# Global fits

## Analysis of the entire 91 ks observation

### 2-temperature thermal model with non-solar abundances

We use the *bapec* model - the state-of-the-art optically thin, coronal equilibrium thermal emission model. Its free parameters are temperature, emission measure, metallicity, and the Gaussian width of the lines. This last parameter isn't too important, as the lines are unresolved. We specify the model as: *(bapec + bapec)*wabs* which accounts for two different thermal component (each with their own temperature and emission measure, but with metallicity and line broadening parameters tied together), and to account for interstellar attenuation (the H column density is the sole free parameter of that model component). We fit the MEG (top two panels below) and HEG (bottom two) simultaneously, and plot the best-fit model on the data, with the fit residuals shown below. For clarity, we break both the MEG and HEG spectra into two sections. The axis ranges are the same for the pairs of plots.
Note that "+/-" uncertainties are actually 68% confidence ranges for the specified parameters.

The fit is formally good, using chi squared with Churazov weighting. And it looks pretty good, both in the lines and the continuum. The biggest discrepancy appears to be the model's overprediction of the Fe XXV line and underprediction of the Si XIV Lyα line at 6.18 A. This may indicate the need to add a third model component (allowing for a small amount of hotter plasma with a corresponding downward adjustment of the current second component's temperature may increase the Si XIV line flux in the model, while maintaining the good fit to the continuum but lessening the Fe XXV flux). On the other hand, I haven't quantified the discrepancy between the model and data line fluxes, yet.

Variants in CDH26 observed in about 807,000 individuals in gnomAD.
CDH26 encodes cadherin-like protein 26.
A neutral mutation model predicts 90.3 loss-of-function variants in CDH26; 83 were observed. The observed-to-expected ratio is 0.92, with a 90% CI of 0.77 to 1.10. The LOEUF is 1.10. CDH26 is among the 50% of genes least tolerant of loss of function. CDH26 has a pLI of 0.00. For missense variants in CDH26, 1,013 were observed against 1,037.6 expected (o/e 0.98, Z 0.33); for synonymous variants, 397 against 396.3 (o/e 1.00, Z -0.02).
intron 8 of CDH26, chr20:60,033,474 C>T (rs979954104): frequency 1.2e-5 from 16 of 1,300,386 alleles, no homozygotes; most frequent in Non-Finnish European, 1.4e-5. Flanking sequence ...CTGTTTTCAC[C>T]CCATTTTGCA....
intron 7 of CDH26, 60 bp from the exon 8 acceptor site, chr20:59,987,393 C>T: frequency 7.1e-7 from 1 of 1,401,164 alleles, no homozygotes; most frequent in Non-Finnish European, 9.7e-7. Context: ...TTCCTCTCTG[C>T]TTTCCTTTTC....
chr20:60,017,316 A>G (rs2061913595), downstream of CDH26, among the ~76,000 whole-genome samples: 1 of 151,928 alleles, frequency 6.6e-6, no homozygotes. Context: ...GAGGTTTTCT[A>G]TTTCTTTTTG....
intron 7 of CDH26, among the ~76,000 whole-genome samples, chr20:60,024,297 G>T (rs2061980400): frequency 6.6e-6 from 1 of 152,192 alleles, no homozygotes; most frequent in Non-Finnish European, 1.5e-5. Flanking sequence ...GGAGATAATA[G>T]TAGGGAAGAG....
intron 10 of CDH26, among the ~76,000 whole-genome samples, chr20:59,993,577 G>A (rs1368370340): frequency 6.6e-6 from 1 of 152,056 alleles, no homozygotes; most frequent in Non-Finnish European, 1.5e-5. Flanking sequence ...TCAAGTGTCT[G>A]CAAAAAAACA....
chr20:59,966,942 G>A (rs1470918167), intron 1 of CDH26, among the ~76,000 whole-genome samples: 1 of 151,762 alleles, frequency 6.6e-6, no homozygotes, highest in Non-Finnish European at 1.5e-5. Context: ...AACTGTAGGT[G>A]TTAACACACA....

Keep in mind, though, that the formal errors on the model parameters are quite tight - unrealistically so, in my opinion. This tends to be the case when one has thousands of bins and a relatively simplified model.

We can also compare this fitting result to Marc's similar model-fitting using ISIS. Converting his results (8Aug08 email), which used chi square as the fit statistic and adaptively smoothed the data, to the same units we use here, we have:

*kT*_{1} = 1.20 +/- (1.14:1.33) keV

abundance = 0.35 (Fe) and 0.70 (Si) +/- (0.31:0.40; 0.65:0.76) solar

velocity = 131 +/- (0:201) km/s

norm_{1} = 1.49e-3 +/- (1.35e-3:1.72e-3)

*kT*_{2} = 5.54 +/- (5.40:5.99) keV

abundance = 0.35 (Fe) and 0.70 (Si) solar

velocity = 131 km/s

norm_{2} = 1.38e-2 +/- (1.33e-2:1.39e-2)

N_{H} = 0.98e22 +/- (0.96e22:1.00e22)

Marc also gets a number density from the emission model, based on the altered (or not) f/i ratios. He finds an upper limit of 1.14e13. I haven't yet analyzed the R=f/i values derived from the fits to the individual complexes. But right now, we've got Si XIII in the low density limit quite securely, and S XV near it, with intermediate f/i values being marginally consistent with the lower limit of the line ratio derived from the data. But I don't think we can say that n_e < 1e14.

In any case, the ISIS results Marc reports are not formally consistent with the APEC/XSPEC results I report at the top of this page, but they are qualitatively consistent. The higher limit on the line broadening is one obvious difference. As is the higher Si abundance (note that the ISIS *mvapec* model allows for separate abundances for each specified element). Both temperatures are somewhat higher, but not hugely so. The normalizations are different, but that could entirely be a function of the different temperatures.

Questions I have based on these fit comparisons:

- How robust is the velocity broadening determination? Maybe the data aren't good enough to really differentiate anything below ~200 km/s.

- How robust is the Si abundance determination? Does it make sense to let individual abundances vary? Are both ISIS and XSPEC assuming the same standard solar abundances?

- What X-ray fluxes (on [0.3:10 keV]) are implied by the ISIS fits?

These global fits can be repeated for the subsets of the observation: pre-flare, flare, and post-flare intervals and we can look for statistically significant changes in the model parameters:

### Pre-flare analysis

### Flare analysis

### Post-flare analysis

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*last modified*: 12 April 2009